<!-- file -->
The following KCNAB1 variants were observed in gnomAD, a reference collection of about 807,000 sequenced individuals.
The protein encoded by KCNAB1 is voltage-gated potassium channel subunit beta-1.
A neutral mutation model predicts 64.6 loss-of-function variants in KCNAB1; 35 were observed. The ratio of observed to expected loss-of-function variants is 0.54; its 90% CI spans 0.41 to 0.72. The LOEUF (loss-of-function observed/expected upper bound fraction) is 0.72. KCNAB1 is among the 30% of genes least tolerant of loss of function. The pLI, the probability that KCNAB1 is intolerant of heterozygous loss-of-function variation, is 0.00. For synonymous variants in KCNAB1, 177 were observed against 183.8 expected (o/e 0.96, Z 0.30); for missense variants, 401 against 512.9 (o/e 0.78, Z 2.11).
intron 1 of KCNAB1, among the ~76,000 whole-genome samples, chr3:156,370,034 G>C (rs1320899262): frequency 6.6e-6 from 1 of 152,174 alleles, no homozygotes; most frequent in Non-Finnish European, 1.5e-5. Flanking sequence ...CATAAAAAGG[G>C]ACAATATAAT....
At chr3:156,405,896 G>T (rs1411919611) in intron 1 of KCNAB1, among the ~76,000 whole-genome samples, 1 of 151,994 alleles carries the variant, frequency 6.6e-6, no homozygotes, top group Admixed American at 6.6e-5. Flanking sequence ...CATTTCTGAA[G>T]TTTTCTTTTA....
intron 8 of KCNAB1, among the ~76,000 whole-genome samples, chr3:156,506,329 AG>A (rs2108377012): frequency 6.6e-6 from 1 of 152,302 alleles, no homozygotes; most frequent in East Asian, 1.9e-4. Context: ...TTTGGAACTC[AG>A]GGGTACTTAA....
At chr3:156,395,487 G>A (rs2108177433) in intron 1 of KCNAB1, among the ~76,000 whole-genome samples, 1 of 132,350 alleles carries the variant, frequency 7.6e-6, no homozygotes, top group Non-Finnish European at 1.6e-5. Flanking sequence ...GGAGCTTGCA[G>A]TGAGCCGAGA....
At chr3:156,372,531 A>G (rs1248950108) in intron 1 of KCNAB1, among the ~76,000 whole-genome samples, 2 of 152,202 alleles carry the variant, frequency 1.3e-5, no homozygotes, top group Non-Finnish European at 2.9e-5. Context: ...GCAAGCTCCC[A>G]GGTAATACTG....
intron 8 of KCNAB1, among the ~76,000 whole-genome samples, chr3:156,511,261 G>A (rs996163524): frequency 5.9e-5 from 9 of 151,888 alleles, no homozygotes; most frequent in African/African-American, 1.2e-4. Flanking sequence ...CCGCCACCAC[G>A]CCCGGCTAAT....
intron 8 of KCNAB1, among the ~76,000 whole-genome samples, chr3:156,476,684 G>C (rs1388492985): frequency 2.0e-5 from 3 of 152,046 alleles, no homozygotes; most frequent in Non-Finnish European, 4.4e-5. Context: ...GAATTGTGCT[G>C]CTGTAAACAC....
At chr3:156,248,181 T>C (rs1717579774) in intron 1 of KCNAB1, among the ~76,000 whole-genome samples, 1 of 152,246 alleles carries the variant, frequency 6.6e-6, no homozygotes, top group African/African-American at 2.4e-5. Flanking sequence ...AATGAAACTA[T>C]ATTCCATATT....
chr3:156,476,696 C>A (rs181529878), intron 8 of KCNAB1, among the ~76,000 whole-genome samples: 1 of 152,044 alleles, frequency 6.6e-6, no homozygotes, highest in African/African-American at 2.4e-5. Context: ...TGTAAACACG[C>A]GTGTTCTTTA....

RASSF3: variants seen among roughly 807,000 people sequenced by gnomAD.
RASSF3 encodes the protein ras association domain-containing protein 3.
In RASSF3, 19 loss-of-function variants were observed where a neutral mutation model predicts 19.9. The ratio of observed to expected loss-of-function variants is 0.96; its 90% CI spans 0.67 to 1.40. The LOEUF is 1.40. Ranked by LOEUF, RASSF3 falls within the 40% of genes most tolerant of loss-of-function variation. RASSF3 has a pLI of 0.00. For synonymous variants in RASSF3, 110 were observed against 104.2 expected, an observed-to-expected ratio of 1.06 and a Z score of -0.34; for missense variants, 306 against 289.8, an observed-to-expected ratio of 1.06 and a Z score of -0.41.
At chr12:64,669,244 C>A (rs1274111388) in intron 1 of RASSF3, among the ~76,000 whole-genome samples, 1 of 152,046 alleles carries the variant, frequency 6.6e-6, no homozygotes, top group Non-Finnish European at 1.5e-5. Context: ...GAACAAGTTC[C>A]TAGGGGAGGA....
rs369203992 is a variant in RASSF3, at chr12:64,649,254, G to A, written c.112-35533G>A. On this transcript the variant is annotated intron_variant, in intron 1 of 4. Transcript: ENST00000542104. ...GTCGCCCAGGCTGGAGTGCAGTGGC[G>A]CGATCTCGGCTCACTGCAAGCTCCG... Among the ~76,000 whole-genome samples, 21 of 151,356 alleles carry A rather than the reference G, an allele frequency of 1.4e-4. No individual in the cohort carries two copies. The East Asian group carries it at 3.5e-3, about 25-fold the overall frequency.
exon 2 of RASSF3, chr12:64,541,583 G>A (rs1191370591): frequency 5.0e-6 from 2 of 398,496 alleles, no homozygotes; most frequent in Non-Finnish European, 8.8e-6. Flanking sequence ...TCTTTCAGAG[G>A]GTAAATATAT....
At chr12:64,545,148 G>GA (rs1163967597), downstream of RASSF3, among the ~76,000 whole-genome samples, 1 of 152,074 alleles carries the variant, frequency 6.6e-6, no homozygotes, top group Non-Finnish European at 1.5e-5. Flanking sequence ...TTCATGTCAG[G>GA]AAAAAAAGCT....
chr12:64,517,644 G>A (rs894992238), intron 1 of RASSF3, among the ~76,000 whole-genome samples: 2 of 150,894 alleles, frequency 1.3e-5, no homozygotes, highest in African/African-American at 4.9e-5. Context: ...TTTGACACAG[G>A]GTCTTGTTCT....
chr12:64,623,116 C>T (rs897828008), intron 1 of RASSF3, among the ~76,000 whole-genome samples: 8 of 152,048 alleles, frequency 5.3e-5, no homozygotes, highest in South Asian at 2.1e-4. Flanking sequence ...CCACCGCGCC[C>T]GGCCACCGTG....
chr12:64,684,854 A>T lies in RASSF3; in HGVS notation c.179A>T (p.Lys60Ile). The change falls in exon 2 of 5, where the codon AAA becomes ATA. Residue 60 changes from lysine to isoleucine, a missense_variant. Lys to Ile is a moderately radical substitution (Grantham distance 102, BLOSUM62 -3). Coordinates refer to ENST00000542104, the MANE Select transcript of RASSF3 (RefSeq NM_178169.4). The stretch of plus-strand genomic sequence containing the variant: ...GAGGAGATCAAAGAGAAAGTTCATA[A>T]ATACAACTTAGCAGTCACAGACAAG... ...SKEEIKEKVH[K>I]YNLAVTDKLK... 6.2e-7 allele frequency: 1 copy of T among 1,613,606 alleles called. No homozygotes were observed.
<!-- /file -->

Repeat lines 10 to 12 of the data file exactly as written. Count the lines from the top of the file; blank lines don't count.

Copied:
intron 8 of KCNAB1, among the ~76,000 whole-genome samples, chr3:156,476,684 G>C (rs1388492985): frequency 2.0e-5 from 3 of 152,046 alleles, no homozygotes; most frequent in Non-Finnish European, 4.4e-5. Context: ...GAATTGTGCT[G>C]CTGTAAACAC....
At chr3:156,248,181 T>C (rs1717579774) in intron 1 of KCNAB1, among the ~76,000 whole-genome samples, 1 of 152,246 alleles carries the variant, frequency 6.6e-6, no homozygotes, top group African/African-American at 2.4e-5. Flanking sequence ...AATGAAACTA[T>C]ATTCCATATT....
chr3:156,476,696 C>A (rs181529878), intron 8 of KCNAB1, among the ~76,000 whole-genome samples: 1 of 152,044 alleles, frequency 6.6e-6, no homozygotes, highest in African/African-American at 2.4e-5. Context: ...TGTAAACACG[C>A]GTGTTCTTTA....